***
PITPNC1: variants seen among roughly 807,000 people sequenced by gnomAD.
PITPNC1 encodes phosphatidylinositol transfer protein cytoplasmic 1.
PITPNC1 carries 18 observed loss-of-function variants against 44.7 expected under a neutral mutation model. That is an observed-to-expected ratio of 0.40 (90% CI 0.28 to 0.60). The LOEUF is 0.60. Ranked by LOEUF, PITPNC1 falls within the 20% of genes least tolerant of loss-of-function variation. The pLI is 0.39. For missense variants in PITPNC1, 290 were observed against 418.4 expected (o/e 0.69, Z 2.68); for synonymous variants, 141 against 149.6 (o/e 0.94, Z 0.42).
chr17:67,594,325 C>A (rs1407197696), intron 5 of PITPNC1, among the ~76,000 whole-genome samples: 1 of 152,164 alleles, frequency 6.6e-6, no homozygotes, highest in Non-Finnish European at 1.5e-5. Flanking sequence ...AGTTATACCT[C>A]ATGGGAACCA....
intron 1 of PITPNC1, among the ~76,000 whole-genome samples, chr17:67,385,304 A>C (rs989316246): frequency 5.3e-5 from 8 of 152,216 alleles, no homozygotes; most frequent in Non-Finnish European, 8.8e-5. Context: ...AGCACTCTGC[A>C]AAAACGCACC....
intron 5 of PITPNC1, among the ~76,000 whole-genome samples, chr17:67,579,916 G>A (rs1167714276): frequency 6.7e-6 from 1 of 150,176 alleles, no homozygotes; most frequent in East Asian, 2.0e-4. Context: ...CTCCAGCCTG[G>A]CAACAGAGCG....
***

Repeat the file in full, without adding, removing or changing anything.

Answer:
PITPNC1: variants seen among roughly 807,000 people sequenced by gnomAD.
PITPNC1 encodes phosphatidylinositol transfer protein cytoplasmic 1.
PITPNC1 carries 18 observed loss-of-function variants against 44.7 expected under a neutral mutation model. That is an observed-to-expected ratio of 0.40 (90% CI 0.28 to 0.60). The LOEUF is 0.60. Ranked by LOEUF, PITPNC1 falls within the 20% of genes least tolerant of loss-of-function variation. The pLI is 0.39. For missense variants in PITPNC1, 290 were observed against 418.4 expected (o/e 0.69, Z 2.68); for synonymous variants, 141 against 149.6 (o/e 0.94, Z 0.42).
chr17:67,594,325 C>A (rs1407197696), intron 5 of PITPNC1, among the ~76,000 whole-genome samples: 1 of 152,164 alleles, frequency 6.6e-6, no homozygotes, highest in Non-Finnish European at 1.5e-5. Flanking sequence ...AGTTATACCT[C>A]ATGGGAACCA....
intron 1 of PITPNC1, among the ~76,000 whole-genome samples, chr17:67,385,304 A>C (rs989316246): frequency 5.3e-5 from 8 of 152,216 alleles, no homozygotes; most frequent in Non-Finnish European, 8.8e-5. Context: ...AGCACTCTGC[A>C]AAAACGCACC....
intron 5 of PITPNC1, among the ~76,000 whole-genome samples, chr17:67,579,916 G>A (rs1167714276): frequency 6.7e-6 from 1 of 150,176 alleles, no homozygotes; most frequent in East Asian, 2.0e-4. Context: ...CTCCAGCCTG[G>A]CAACAGAGCG....